Gerald Godoy v. Wells Fargo Bank, N.A. Appeal from 157th District Court of Harris County (opinion)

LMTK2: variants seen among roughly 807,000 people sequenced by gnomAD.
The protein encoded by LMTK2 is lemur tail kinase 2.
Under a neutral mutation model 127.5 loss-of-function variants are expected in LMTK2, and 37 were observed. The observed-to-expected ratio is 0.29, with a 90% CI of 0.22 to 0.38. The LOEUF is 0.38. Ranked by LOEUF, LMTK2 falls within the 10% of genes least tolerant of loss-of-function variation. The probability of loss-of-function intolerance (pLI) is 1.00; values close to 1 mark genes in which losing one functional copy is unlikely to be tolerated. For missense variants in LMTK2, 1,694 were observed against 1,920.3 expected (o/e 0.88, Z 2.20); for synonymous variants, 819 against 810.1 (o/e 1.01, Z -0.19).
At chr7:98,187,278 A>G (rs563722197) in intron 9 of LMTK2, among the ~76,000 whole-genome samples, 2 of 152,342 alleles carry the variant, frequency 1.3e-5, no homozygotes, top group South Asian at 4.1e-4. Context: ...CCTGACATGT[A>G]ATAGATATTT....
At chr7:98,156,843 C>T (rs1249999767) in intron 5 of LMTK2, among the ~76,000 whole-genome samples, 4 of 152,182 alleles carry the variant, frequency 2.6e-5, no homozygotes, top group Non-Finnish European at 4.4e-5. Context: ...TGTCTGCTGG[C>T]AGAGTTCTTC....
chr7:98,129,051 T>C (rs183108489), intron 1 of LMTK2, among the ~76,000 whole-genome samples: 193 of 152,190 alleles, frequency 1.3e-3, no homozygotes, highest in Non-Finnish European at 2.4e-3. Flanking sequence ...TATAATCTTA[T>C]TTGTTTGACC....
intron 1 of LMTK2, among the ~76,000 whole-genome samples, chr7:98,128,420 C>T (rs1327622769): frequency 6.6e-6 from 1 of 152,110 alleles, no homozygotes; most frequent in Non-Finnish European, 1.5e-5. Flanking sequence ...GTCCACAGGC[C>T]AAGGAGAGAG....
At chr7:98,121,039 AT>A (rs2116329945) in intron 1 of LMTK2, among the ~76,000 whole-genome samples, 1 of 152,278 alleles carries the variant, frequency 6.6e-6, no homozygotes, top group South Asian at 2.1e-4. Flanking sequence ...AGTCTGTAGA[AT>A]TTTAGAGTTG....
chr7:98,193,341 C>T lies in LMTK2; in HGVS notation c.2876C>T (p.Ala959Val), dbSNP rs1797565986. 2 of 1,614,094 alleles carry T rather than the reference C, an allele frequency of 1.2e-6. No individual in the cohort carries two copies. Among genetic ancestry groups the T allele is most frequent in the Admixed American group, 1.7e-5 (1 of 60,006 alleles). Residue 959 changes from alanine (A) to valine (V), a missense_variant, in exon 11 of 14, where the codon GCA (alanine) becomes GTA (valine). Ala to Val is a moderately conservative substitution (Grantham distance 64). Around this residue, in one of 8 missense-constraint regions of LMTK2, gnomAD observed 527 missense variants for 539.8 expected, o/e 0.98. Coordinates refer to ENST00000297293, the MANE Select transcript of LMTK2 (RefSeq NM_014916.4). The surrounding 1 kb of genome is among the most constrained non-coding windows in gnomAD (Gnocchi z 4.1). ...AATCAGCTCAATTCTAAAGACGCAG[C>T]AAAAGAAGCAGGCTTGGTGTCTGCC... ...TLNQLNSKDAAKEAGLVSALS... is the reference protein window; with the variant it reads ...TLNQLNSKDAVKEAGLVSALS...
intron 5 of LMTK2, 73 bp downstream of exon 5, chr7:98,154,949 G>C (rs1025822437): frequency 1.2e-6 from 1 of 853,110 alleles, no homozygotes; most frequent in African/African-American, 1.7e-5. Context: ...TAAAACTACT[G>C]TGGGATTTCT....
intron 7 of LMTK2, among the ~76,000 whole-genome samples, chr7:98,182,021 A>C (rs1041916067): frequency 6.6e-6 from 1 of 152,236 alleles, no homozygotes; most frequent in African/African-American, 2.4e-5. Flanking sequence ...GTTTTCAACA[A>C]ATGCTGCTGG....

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Affirmed and Majority and Dissenting Opinions filed October 31, 2017. In The Fourteenth Court of Appeals NO. 14-16-00599-CV GERALD GODOY, Appellant V. WELLS FARGO BANK, N.A., Appellee On Appeal from the 157th District Court Harris County, Texas Trial Court Cause No. 2015-36417 MAJORITY OPINION Appellee Wells Fargo Bank, N.A. sued appellant Gerald Godoy to collect a deficiency on a debt that Godoy guaranteed. Godoy moved for summary judgment on grounds that Wells Fargo’s claims were barred by a two-year statute of limitations applying to deficiency claims; Wells Fargo moved for partial summary judgment on grounds that Godoy contractually waived any limitations defense. The trial court denied Godoy’s motion for summary judgment, granted Wells Fargo’s motion as well as a subsequent motion for summary judgment on the deficiency claim, and signed a final judgment in favor of Wells Fargo. At issue in this appeal is whether a general waiver of “any and all rights or defenses” that might be available to a guarantor is sufficient to waive application of a shortened statute of limitations applicable to deficiency actions. Because the Texas Supreme Court has determined that such a waiver applies to all defenses under the applicable statute, we affirm. BACKGROUND Wachovia Bank loaned $250,000 to GDG Mortgage, Inc. in 2005. The loan was evidenced by a promissory note and secured by a construction deed of trust on certain real property. Godoy guaranteed the promissory note. GDG defaulted on the note, and Wells Fargo — Wachovia’s successor by merger and holder of the note — foreclosed on the real property securing the note on November 1, 2011. Wells Fargo purchased the real property at the foreclosure sale with a bid that was insufficient to satisfy the outstanding balance on the promissory note, leaving a deficiency. Wells Fargo sued Godoy to collect the deficiency on June 24, 2015 — more than three years after the foreclosure sale. Godoy moved for summary judgment on the sole ground that Wells Fargo’s claim was barred by a shortened two-year statute of limitations applicable to suits to collect deficiencies from guarantors. See Tex. Prop. Code Ann. § 51.003(a) (Vernon 2014). Wells Fargo moved for partial summary judgment on Godoy’s limitations defense, asserting that Godoy specifically waived his limitations defense in the guaranty agreement. The trial court denied Godoy’s motion for summary judgment and granted Wells Fargo’s motion for partial summary judgment. 2 Wells Fargo then moved for final summary judgment on its deficiency claim seeking judgment for the outstanding balance as well as attorney’s fees and costs. The trial court granted Wells Fargo’s motion for summary judgment on its deficiency claim against Godoy and signed a final judgment. STANDARD OF REVIEW A party moving for summary judgment must conclusively prove all elements of its cause of action or defense as a matter of law. Tex. R. Civ. P. 166a(c); Browning v. Prostok, 165 S.W.3d 336, 344 (Tex. 2005). When both parties move for summary judgment and the trial court grants one motion but denies the other, we review the evidence produced by each party, determine de novo all questions presented, and render the judgment the trial court should have rendered. Colo. Cty. v. Staff, 510 S.W.3d 435, 444 (Tex. 2017); Moayedi v. Interstate 35/Chisam Rd., L.P., 438 S.W.3d 1, 3-4 (Tex. 2014). A defendant moving for summary judgment on the affirmative defense of limitations has the burden to conclusively establish that defense. Diversicare Gen. Partner, Inc. v. Rubio, 185 S.W.3d 842, 846 (Tex. 2005). ANALYSIS Godoy contends the trial court erred in denying his motion for summary judgment and in granting Wells Fargo’s motions for summary judgment because a statute of limitations defense cannot be waived unless the waiver is specific and for a pre-determined length of time. Godoy contends the general waiver in the guaranty agreement is void as against public policy because it is indefinite and would allow Wells Fargo to bring suit at any time, in perpetuity. Wells Fargo points to Moayedi, 438 S.W.3d at 6-8, in which the Texas Supreme Court held that all defenses under Property Code section 51.003 may be 3 waived. Wells Fargo contends this holding necessarily includes the two-year statute of limitations found in that section and asserted by Godoy as a bar to suit. I. Scope of Waiver Property Code section 51.003 — entitled “Deficiency Judgment” — provides that, if a deficiency remains after a nonjudicial foreclosure sale, any action to recover the deficiency must be brought within two years of the foreclosure sale. See Tex. Prop. Code Ann. § 51.003(a). A defendant in such an action may be entitled to an offset against the deficiency if the trial court determines that the fair market value of the property sold at foreclosure was greater than the foreclosure sales price. See id. § 51.003(c) (Vernon 2014). Moayedi addressed whether a party waived the statutory right of offset under section 51.003(c) by agreeing to a general waiver of defenses in a guaranty agreement. See Moayedi, 438 S.W.3d at 2. The guaranty agreement in that case included the following general waiver of defenses: Guarantor further agrees that this Guaranty shall not be discharged, impaired or affected by . . . any defense (other than the full payment of the indebtedness hereby guaranteed in accordance with the terms hereof) that the Guarantor may or might have as to Guarantor’s respective undertakings, liabilities and obligations hereunder, each and every such defense being hereby waived by the undersigned Guarantor. Id. at 3. The supreme court first examined section 51.003 and determined that “the statute provides an offset that otherwise would not be available. In other words, it provides a defense.” Id. at 6. The court then determined that “Moayedi could waive section 51.003” so long as the waiver was clear and specific. See id. Rejecting Moayedi’s argument that the general waiver in the guaranty agreement was not clear and specific, the court determined that a party’s waiver of 4 “any,” “each,” and “every” defense in a guaranty agreement “results in a broad waiver of all possible defenses.” See id. at 8. The court stated: Just because the waiver is all encompassing does not mean that it is unclear or vague. To waive all possible defenses seems to very clearly indicate what defenses are included: all of them. Id. Moayedi concluded that the guaranty’s broad defense waiver “indicate[d] an intent that the guaranty would not be subject to any defense other than full payment.” Id. At issue here is whether, in light of Moayedi, Godoy waived the shortened two-year statute of limitations for deficiency actions contained within section 51.003(a). The guaranty agreement at issue here provided in relevant part: GUARANTOR’S WAIVERS. . . . . . . Guarantor also waives any and all rights or defenses arising by reason of (A) any “one action” or “anti-deficiency” law or any other law which may prevent Lender from bringing any action, including a claim for deficiency, against Guarantor, before or after Lender’s commencement or completion of any foreclosure action, either judicially or by exercise of a power of sale; . . . (E) any statute of limitations, if at any time any action or suit brought by Lender against Guarantor is commenced, there is outstanding indebtedness of Borrower to Lender which is not barred by any applicable statute of limitations; or (F) any defenses given to guarantors at law or in equity other than actual payment and performance of the indebtedness. . . . ... GUARANTOR’S UNDERSTANDING WITH RESPECT TO WAIVERS. Guarantor warrants and agrees that each of the waivers set forth above is made with Guarantor’s full knowledge of its significance and consequences and that, under the circumstances, the waivers are reasonable and not contrary to public policy or law. If any such waiver is determined to be contrary to any applicable law or public 5 policy, such waiver shall be effective only to the extent permitted by law or public policy. Wells Fargo contends that a party’s broad waiver of all defenses in a guaranty agreement necessarily includes a defense based on any statute of limitations. It contends that, at the very least, the waivers at issue here are sufficient under Moayedi to waive the two-year statute of limitations contained in section 51.003(a). See id. at 6-8. We need not decide the correctness of Wells Fargo’s general assertion that a party may waive any statute of limitations via the language contained in the guaranty agreement. We focus instead on the narrower and dispositive issue presented by this case and agree that the waiver at issue was sufficient to waive the shortened twoyear statute of limitations contained in section 51.003(a). Moayedi explicitly held that guaranty agreement language waiving “any,” “each,” or “every” defense “results in a broad waiver of all possible defenses” under section 51.003. See Moayedi, 438 S.W.3d at 8 (emphasis added). Since Moayedi was decided, the supreme court has referred to the right of offset under section 51.003 as “an affirmative defense to a deficiency claim.” See PlainsCapital Bank v. Martin, 459 S.W.3d 550, 557 (Tex. 2015). A statute of limitations also is an affirmative defense that a party may plead. See, e.g., Epps v. Fowler, 351 S.W.3d 862, 869 n.8 (Tex. 2011) (“Limitations is an affirmative defense that must be pleaded and proven.”); KPMG Peat Marwick v. Harrison Cty. Hous. Fin. Corp., 988 S.W.2d 746, 748 (Tex. 1999) (“A defendant moving for summary judgment on the affirmative defense of limitations has the burden to conclusively establish that defense.”). We see no reason to interpret the supreme court’s holding that “all possible defenses” may be waived under section 51.003 to mean that a party may waive the affirmative defense of offset under section 6 51.003(c), but not the affirmative defense of limitations under section 51.003(a). See Moayedi, 438 S.W.3d at 6-8. Accordingly, we conclude that Godoy’s broad waiver of all defenses available to guarantors under the anti-deficiency statute necessarily includes a defense based on 51.003(a)’s two-year statute of limitations. See Grace Interest, LLC v. Wallis State Bank, 431 S.W.3d 110, 118, 126-28 (Tex. App.— Houston [14th Dist.] 2013, pet. denied) (provision under which guarantor “expressly waives all rights, remedies, claims and defenses based upon or related to Sections 51.003, 51.004 and 51.005 of the Texas Property Code, to the extent the same pertain or may pertain to any enforcement of this Guaranty” was not void as against public policy and was sufficiently specific). II. Public Policy Godoy contends on appeal that permitting a waiver of section 51.003(a)’s two-year statute of limitations contravenes public policy because a waiver of a statute of limitations is permissible only when the waiver is specific and limited to a reasonable time period. See Duncan v. Lisenby, 912 S.W.2d 857, 858-59 (Tex. App.—Houston [14th Dist.] 1995, no writ) (“Parties may agree to waive the statute of limitations before the statutory bar has fallen. A general agreement in advance to waive or not to plead the statute of limitations on a particular obligation is void as against public policy. The agreement must be specific and for a pre-determined length of time.”) (citations omitted); Am. Alloy Steel, Inc. v. Armco, Inc., 777 S.W.2d 173, 177 (Tex. App.—Houston [14th Dist.] 1989, no writ) (same). According to Godoy’s appellate brief, “A general agreement in advance to waive or not plead the statute of limitations on a particular obligation is void as against public policy.” We need not address Godoy’s contention that the waiver provision to which he agreed is void. This is so because he did not affirmatively plead this “matter 7 constituting an avoidance or affirmative defense” in his answer as required under Texas Rule of Civil Procedure 94. “An allegation that a provision in a contract is void, unenforceable, or unconscionable is a matter in the nature of avoidance and must be affirmatively pleaded.” 950 Corbindale, L.P. v. Kotts Capital Holdings Ltd. P’ship, 316 S.W.3d 191, 196 (Tex. App. – Houston [14th Dist.] 2010, no pet.) (citing Tex. R. Civ. P. 94 and Parks v. Developers Sur. and Indem. Co., 302 S.W.3d 920, 924 (Tex. App.— Dallas 2010, no pet.)). “If a party fails to plead the affirmative defense, it is waived.” 950 Corbindale, L.P., 316 S.W.3d at 196. This panel is bound by 950 Corbindale, L.P.’s holding with respect to the necessity of affirmatively pleading under Rule 94 that a contract provision is void, unenforceable, or unconscionable. See Chase Home Finance, L.L.C. v. Cal W. Reconveyance Corp., 309 S.W.3d 619, 630 (Tex. App. – Houston [14th Dist.] 2010, no pet.). In the absence of an affirmative pleading under Rule 94, the dissent’s public policy discussion is unnecessary and unwarranted. The dissent overreaches when it invokes Phillips v. Phillips, 820 S.W.2d 785, 789 (Tex. 1991), for the propositions that no affirmative pleading was necessary because (1) Wells Fargo pleaded an agreement that is illegal on its face and thereby anticipated Godoy’s challenge to the guaranty agreement’s waiver provision; and (2) courts will not enforce a plainly illegal contract even if the parties do not object. In its first amended petition, Wells Fargo pleaded as follows: “Wells Fargo will further show that Defendant waived any limitations defense he may have had, as set forth in the Commercial Guaranty.” Under the Commercial Guaranty, Godoy waived “any and all rights or defenses arising by reason of . . . any . . . ‘anti-deficiency’ law . . . which may prevent 8 Lender from brining any action, including a claim for deficiency, against Guarantor . . . .” Separately, Godoy waived “any statute of limitations, if at any time any action or suit brought by Lender against Guarantor is commenced, there is outstanding indebtedness of Borrower to Lender which is not barred by any applicable statute of limitations . . . .” Godoy agreed in the Commercial Guaranty that, “under the circumstances, the waivers are reasonable and not contrary to public policy or law.” He further agreed that “[i]f any such waiver is determined to be contrary to any applicable law or public policy, such waiver shall be effective only to the extent permitted by law or public policy.” It is a significant stretch for the dissent to assume that a guaranty agreement containing a provision waiving all anti-deficiency defenses under section 51.003 is an illegal contract — and a still further stretch for the dissent to assume that such an agreement is “plainly illegal” or “illegal on its face” so as to dispense with Rule 94 pleading requirements. See Grace Interest, LLC, 431 S.W.3d at 118, 126-28; see also id. at 128. (“Just as a waiver of the Texas Anti-Deficiency Statute does not violate public policy, there is also no requirement that the waiver be conspicuous.”). The difficulty of indulging the dissent’s assumption is compounded because the contract provides that any limitations waiver “shall be effective only to the extent permitted by law or public policy.” It follows that a narrower waiver of section 51.003(a)’s shortened limitations period does not demonstrate facial illegality of the guaranty agreement even if the agreement’s separate waiver of other potentially applicable statutes of limitations is too open-ended. See Gupta v. E. Idaho Tumor Inst., Inc., 140 S.W.3d 747, 752 (Tex. App.—Houston [14th Dist.] 2004, pet. denied) 9 (“Where two constructions of a contract are possible, courts give preference to the construction that does not violate the law.”) (citations omitted). In the absence of section 51.003’s shortened two-year statute of limitations, the general four-year statute of limitations on suits to collect debts would apply. See Tex. Civ. Prac. & Rem. Code Ann. § 16.004(a)(3) (Vernon 2002); see also Sowell v. Int’l Interests, LP, 416 S.W.3d 593, 597-600 (Tex. App.—Houston [14th Dist.] 2013, pet. denied) (determining that both two-year and four-year statutes of limitations can apply to deficiency claims). Godoy did not plead any defense based on the four-year statute of limitations under section 16.004, nor did he present summary judgment evidence conclusively establishing that Wells Fargo’s suit is barred by the four-year statute. See, e.g., Diversicare Gen. Partner, Inc., 185 S.W.3d at 846 (“A defendant moving for summary judgment on the affirmative defense of limitations has the burden to conclusively establish that defense, including the accrual date of the cause of action.”). Accordingly, we need not determine whether summary judgment was proper in light of the four-year statute of limitations, or whether that statute of limitations could be waived through the general waiver in the guaranty agreement.1 1 The dissent heads down a rabbit trail by discussing whether an affirmative pleading is required when illegality is claimed only as to one provision of a contract — as opposed to a different circumstance in which the entire contract is claimed to be illegal. Any such distinction is irrelevant here because the guaranty agreement at issue is not illegal on its face — in whole or in part. The guaranty agreement is not illegal on its face because (1) its express waiver of all section 51.003 defenses “does not violate public policy,” see Grace Interest, LLC, 431 S.W.3d at 128; and (2) the guaranty agreement expressly says the separate provision addressing waiver of other potentially applicable limitations periods “shall be effective only to the extent permitted by law or public policy.” If the guaranty agreement’s separate, open-ended waiver of any other limitations period outside of section 51.003 is not enforceable as the dissent contends, then the guaranty agreement on its face says this separate waiver is not effective. If the guaranty expressly provides that the open-ended waiver of any other limitations period is not effective, then the guaranty agreement is not illegal on its face — in whole or in part. And if the guaranty agreement is not illegal on its face even in part, then the dissent’s posited distinction makes no difference to 10 The dissent overreaches again when it invokes trial by consent to argue waiver and excuse Godoy’s failure to plead affirmatively that the Commercial Guaranty’s waiver provisions are void, unenforceable, or unconscionable. No waiver occurred here because (1) Wells Fargo raised the pleading defect in its response to Godoy’s motion for new trial, in which he again asserted the same public policy arguments with respect to limitations; and (2) the trial court affirmatively recited that it “heard and considered Defendant’s Motion for New Trial [and] Wells Fargo’s response” in its order denying the motion. See Harvey v. Kindred Healthcare Operating, Inc., 525 S.W.3d 281, 285 n.11 (Tex. App.— Houston [14th Dist.] 2017, no pet.) (rejecting argument that contention omitted from summary judgment response had been waived because contention was raised in motion for new trial and trial court affirmatively indicated that it had been considered in denying the motion for new trial); cf. Auten v. DJ Clark, Inc., 209 S.W.3d 695, 702 (Tex. App.—Houston [14th Dist.] 2006, no pet.) (“[T]he trial court affirmatively indicated that it considered the affidavit attached to the motion for new trial although it denied the motion, effectively reaffirming its earlier ruling. Accordingly, we may consider the affidavit.”). CONCLUSION Having concluded that Godoy waived a defense based on section 51.003(a)’s two-year statute of limitations, we further conclude that the trial court properly denied Godoy’s motion for summary judgment premised solely on that defense. The trial court also acted correctly in granting Wells Fargo’s motion for partial summary judgment on Godoy’s two-year statute of limitations defense. Godoy has not the resolution of this appeal. 11 challenged the trial court’s grant of final summary judgment on any other grounds. Accordingly, we overrule Godoy’s sole issue. Having overruled Godoy’s sole issue, we affirm the trial court’s judgment. /s/ William J. Boyce Justice Panel consists of Chief Justice Frost and Justices Boyce and Brown (Frost, C.J., dissenting). 12